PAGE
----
The headline message from John Willman‘s talk came over to me as: Tim Leunig is mistaken. And the UK economy is fundamentally strong.
Leunig’s recent staggering judgement (in the report Cities Unlimited, by the free market leaning independent think tank Policy Exchange) that in general developers should abandon the North of England for the delights of the Golden Triangle – he suggests more development around Oxbridge, which will supposedly realign the North-South markets – in my view takes some beating for silliness. John Willman appeared to be of a similar mind.
The great Victorian cities
Far from suggesting, as Leunig seems to, that Greater London should become even more overheated, Willman made the case that the ‘great Victorian cities’ are the best equipped for the new ‘global living’. There is, he said, a Kit: some combination of conference centres, art galleries, a four-star hotel, some culture and festivals, and maybe a port.
In these respects the major English cities of the North (of the Core Cities, only Bristol is South) have the edge on continental European cities such as Bordeaux and Porto. They’re also great and fascinating cities (as I too can attest), but they’re probably 15 years behind their parallels in Britain: Their docksides have yet to be developed for the new leisure economies, for instance.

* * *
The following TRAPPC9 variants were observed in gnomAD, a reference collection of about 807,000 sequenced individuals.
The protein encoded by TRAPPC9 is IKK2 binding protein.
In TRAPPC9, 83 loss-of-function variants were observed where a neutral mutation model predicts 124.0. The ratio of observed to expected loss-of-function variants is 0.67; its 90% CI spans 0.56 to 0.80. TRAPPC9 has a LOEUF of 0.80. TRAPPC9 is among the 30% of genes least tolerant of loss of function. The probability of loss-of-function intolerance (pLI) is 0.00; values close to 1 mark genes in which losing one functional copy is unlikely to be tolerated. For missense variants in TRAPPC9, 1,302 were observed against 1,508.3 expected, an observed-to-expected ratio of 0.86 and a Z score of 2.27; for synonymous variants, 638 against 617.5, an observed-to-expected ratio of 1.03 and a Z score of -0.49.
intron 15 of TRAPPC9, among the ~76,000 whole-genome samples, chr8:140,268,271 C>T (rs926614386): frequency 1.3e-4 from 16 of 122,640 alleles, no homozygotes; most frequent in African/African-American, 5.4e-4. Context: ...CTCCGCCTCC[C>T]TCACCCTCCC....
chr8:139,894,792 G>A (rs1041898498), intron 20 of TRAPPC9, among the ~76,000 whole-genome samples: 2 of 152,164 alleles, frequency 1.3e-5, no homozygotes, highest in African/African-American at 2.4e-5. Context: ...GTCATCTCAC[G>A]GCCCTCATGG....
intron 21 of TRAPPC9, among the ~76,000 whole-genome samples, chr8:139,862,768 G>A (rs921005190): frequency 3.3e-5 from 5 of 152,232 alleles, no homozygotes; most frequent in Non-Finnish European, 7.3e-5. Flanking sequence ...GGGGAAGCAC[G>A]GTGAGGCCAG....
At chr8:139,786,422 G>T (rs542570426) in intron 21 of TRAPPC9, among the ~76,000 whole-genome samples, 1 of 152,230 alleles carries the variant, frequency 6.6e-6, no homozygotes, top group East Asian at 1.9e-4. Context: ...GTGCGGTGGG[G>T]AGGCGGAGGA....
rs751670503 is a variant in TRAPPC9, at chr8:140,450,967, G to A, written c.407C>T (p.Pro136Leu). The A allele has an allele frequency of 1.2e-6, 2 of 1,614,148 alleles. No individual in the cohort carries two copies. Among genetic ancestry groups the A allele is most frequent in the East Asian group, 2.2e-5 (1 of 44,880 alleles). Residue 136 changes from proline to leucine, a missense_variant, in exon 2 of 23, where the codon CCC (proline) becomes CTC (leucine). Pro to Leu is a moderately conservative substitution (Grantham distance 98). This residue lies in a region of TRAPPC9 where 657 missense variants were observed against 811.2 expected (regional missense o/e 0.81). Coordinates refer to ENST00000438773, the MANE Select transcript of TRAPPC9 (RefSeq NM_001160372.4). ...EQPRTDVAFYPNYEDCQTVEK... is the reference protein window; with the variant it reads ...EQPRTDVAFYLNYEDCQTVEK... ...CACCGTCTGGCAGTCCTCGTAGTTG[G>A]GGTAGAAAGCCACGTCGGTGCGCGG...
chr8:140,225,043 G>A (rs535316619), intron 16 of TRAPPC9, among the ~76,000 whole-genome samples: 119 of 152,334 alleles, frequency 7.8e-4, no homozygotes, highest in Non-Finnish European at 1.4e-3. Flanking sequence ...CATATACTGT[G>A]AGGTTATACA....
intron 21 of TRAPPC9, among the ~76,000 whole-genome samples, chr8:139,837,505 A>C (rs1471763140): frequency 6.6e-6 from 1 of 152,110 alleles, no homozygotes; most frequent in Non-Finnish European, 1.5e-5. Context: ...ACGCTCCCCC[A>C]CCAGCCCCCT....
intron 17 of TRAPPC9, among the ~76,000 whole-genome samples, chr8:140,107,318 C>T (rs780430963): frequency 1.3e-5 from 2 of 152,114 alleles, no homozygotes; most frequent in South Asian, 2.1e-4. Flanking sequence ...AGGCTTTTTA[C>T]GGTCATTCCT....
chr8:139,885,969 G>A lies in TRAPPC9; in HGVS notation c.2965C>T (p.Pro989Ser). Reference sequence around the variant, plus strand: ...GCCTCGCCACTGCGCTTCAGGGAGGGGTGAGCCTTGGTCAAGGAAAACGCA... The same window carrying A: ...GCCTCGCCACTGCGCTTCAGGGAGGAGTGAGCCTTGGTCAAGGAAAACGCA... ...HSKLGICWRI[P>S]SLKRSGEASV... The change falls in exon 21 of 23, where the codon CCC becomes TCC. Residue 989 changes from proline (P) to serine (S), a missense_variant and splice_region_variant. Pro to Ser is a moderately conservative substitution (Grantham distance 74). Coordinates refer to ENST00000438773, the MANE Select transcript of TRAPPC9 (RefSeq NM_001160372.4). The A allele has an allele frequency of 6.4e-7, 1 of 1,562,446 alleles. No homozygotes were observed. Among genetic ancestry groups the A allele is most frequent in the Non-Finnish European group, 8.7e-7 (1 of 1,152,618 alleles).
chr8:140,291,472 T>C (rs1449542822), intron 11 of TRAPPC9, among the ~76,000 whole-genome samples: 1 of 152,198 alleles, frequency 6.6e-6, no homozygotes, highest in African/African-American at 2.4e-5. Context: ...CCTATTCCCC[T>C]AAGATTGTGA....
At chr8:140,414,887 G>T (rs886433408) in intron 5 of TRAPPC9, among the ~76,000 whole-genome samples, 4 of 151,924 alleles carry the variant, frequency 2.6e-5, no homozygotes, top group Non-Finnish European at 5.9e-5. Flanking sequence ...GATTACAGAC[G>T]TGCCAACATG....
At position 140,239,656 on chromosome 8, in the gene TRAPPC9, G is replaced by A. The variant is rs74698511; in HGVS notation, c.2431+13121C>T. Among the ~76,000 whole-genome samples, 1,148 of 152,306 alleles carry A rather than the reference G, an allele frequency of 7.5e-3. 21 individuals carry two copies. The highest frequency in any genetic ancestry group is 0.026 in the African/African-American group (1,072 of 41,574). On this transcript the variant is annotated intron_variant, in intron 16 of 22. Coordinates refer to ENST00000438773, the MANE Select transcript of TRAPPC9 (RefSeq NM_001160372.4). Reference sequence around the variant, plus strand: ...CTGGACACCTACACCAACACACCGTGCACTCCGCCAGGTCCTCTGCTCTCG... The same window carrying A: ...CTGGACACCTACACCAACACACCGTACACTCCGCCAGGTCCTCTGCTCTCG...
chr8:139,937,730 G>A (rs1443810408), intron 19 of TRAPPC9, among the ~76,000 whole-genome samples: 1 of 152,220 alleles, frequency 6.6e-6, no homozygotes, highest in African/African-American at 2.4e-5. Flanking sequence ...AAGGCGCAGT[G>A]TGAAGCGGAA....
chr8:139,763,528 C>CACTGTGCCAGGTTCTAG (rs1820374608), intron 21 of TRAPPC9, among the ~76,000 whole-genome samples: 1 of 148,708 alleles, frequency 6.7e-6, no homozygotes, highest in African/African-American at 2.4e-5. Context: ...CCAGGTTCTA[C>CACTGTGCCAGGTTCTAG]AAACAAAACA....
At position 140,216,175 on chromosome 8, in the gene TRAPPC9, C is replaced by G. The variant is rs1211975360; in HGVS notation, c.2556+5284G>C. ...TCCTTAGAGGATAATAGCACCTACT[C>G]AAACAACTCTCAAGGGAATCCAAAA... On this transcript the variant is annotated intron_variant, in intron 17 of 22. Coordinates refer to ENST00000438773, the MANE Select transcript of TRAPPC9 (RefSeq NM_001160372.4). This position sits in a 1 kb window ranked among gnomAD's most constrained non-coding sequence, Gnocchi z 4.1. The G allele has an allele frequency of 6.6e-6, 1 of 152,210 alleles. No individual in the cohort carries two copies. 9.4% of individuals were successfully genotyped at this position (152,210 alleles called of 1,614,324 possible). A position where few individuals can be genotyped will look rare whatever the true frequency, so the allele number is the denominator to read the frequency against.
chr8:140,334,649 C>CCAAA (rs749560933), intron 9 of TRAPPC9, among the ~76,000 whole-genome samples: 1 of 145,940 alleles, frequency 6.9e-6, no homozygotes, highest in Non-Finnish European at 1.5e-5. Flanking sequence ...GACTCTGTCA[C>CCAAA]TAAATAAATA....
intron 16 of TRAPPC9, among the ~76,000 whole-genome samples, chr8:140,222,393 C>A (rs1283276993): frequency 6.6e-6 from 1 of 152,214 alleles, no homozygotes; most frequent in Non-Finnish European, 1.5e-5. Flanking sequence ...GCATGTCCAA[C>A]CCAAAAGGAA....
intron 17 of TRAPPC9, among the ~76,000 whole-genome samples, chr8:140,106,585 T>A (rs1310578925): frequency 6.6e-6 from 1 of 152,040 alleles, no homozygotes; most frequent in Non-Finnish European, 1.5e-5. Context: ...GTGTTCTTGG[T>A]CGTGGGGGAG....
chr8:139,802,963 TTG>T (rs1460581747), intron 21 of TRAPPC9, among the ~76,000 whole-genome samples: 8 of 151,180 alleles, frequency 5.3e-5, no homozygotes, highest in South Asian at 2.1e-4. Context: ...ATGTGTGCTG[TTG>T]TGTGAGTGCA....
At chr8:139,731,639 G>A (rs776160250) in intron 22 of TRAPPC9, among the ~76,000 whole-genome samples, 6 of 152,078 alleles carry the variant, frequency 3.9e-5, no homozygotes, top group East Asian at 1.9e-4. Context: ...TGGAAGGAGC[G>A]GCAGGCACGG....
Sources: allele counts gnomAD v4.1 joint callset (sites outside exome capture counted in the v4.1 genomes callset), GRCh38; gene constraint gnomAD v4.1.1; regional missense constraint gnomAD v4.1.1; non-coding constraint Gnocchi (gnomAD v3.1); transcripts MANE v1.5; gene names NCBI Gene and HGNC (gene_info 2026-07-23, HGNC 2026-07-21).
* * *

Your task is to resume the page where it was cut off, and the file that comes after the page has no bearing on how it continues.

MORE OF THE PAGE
North-South divide: London ‘vs’ the rest
The debate about the North-South divide, Willman told us, is sterile. It’s useless to ‘blame’ London. The UK capital is a truly global city; in this, the North can never expect or even hope to compete. It’s just not a realistic objective to close the gap.
And London, with the mayoral model which elected mayor Ken Livingstone provided, showed how a ‘get things done’ city can operate.
The national and global economy
Despite the panic, only 3% of UK mortgages are in default. Willman judged that Britain is still doing pretty well as the sixth largest manufacturer in the world, a supplier of very high quality products.
In these respects the UK economy is well placed for the globalised world; as is North West England, with its emphasis on the service economies, life sciences, media and creative products and the current / forthcoming energy industries (including nuclear energy) .
The Wimbledon effect